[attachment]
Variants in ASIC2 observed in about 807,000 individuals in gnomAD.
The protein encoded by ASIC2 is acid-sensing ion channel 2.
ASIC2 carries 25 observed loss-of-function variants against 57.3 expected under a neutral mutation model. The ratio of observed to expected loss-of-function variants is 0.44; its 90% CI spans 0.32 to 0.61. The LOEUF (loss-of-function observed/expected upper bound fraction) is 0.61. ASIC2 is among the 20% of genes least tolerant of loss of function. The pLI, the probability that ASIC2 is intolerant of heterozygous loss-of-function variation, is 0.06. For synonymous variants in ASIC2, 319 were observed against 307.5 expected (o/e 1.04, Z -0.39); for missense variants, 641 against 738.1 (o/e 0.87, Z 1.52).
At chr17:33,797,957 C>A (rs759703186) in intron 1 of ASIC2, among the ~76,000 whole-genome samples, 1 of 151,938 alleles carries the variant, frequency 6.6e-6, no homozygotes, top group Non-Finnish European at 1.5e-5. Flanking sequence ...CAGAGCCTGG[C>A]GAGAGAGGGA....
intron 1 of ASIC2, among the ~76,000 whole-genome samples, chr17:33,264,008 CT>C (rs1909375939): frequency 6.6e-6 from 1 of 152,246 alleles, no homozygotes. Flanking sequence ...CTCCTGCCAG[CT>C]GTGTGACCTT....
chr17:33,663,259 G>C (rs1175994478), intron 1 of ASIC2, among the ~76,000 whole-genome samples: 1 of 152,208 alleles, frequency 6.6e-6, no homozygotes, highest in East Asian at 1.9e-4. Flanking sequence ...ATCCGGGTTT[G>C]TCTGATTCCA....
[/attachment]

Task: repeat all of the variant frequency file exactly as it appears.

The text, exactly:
Variants in ASIC2 observed in about 807,000 individuals in gnomAD.
The protein encoded by ASIC2 is acid-sensing ion channel 2.
ASIC2 carries 25 observed loss-of-function variants against 57.3 expected under a neutral mutation model. The ratio of observed to expected loss-of-function variants is 0.44; its 90% CI spans 0.32 to 0.61. The LOEUF (loss-of-function observed/expected upper bound fraction) is 0.61. ASIC2 is among the 20% of genes least tolerant of loss of function. The pLI, the probability that ASIC2 is intolerant of heterozygous loss-of-function variation, is 0.06. For synonymous variants in ASIC2, 319 were observed against 307.5 expected (o/e 1.04, Z -0.39); for missense variants, 641 against 738.1 (o/e 0.87, Z 1.52).
At chr17:33,797,957 C>A (rs759703186) in intron 1 of ASIC2, among the ~76,000 whole-genome samples, 1 of 151,938 alleles carries the variant, frequency 6.6e-6, no homozygotes, top group Non-Finnish European at 1.5e-5. Flanking sequence ...CAGAGCCTGG[C>A]GAGAGAGGGA....
intron 1 of ASIC2, among the ~76,000 whole-genome samples, chr17:33,264,008 CT>C (rs1909375939): frequency 6.6e-6 from 1 of 152,246 alleles, no homozygotes. Flanking sequence ...CTCCTGCCAG[CT>C]GTGTGACCTT....
chr17:33,663,259 G>C (rs1175994478), intron 1 of ASIC2, among the ~76,000 whole-genome samples: 1 of 152,208 alleles, frequency 6.6e-6, no homozygotes, highest in East Asian at 1.9e-4. Flanking sequence ...ATCCGGGTTT[G>C]TCTGATTCCA....